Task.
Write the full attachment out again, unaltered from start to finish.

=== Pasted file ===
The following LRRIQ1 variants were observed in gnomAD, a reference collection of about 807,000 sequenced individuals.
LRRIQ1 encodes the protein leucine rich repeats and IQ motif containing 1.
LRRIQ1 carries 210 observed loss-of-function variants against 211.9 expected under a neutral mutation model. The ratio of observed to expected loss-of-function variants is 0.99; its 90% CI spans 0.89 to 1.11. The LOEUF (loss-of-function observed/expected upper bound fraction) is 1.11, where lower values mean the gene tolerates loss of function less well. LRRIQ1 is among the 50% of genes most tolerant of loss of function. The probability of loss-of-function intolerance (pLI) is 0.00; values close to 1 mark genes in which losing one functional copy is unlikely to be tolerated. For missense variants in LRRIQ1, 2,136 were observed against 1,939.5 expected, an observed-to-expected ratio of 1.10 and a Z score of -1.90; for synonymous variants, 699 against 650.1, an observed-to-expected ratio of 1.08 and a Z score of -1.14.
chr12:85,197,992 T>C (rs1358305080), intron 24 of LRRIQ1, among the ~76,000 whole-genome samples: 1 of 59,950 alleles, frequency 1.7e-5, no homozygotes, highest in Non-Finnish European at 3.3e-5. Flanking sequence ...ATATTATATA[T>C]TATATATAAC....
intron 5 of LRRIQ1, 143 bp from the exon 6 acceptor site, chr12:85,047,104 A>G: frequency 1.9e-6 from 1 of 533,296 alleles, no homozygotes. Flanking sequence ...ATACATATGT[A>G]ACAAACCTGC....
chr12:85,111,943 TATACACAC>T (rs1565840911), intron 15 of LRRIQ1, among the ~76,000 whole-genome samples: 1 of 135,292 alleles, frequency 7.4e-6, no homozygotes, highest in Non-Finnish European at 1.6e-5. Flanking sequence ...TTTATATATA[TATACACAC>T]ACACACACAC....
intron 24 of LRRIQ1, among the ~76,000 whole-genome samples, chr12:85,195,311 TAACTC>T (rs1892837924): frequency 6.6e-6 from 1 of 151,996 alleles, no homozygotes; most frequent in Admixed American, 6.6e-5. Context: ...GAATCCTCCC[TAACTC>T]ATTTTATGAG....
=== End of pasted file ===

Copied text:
The following LRRIQ1 variants were observed in gnomAD, a reference collection of about 807,000 sequenced individuals.
LRRIQ1 encodes the protein leucine rich repeats and IQ motif containing 1.
LRRIQ1 carries 210 observed loss-of-function variants against 211.9 expected under a neutral mutation model. The ratio of observed to expected loss-of-function variants is 0.99; its 90% CI spans 0.89 to 1.11. The LOEUF (loss-of-function observed/expected upper bound fraction) is 1.11, where lower values mean the gene tolerates loss of function less well. LRRIQ1 is among the 50% of genes most tolerant of loss of function. The probability of loss-of-function intolerance (pLI) is 0.00; values close to 1 mark genes in which losing one functional copy is unlikely to be tolerated. For missense variants in LRRIQ1, 2,136 were observed against 1,939.5 expected, an observed-to-expected ratio of 1.10 and a Z score of -1.90; for synonymous variants, 699 against 650.1, an observed-to-expected ratio of 1.08 and a Z score of -1.14.
chr12:85,197,992 T>C (rs1358305080), intron 24 of LRRIQ1, among the ~76,000 whole-genome samples: 1 of 59,950 alleles, frequency 1.7e-5, no homozygotes, highest in Non-Finnish European at 3.3e-5. Flanking sequence ...ATATTATATA[T>C]TATATATAAC....
intron 5 of LRRIQ1, 143 bp from the exon 6 acceptor site, chr12:85,047,104 A>G: frequency 1.9e-6 from 1 of 533,296 alleles, no homozygotes. Flanking sequence ...ATACATATGT[A>G]ACAAACCTGC....
chr12:85,111,943 TATACACAC>T (rs1565840911), intron 15 of LRRIQ1, among the ~76,000 whole-genome samples: 1 of 135,292 alleles, frequency 7.4e-6, no homozygotes, highest in Non-Finnish European at 1.6e-5. Flanking sequence ...TTTATATATA[TATACACAC>T]ACACACACAC....
intron 24 of LRRIQ1, among the ~76,000 whole-genome samples, chr12:85,195,311 TAACTC>T (rs1892837924): frequency 6.6e-6 from 1 of 151,996 alleles, no homozygotes; most frequent in Admixed American, 6.6e-5. Context: ...GAATCCTCCC[TAACTC>T]ATTTTATGAG....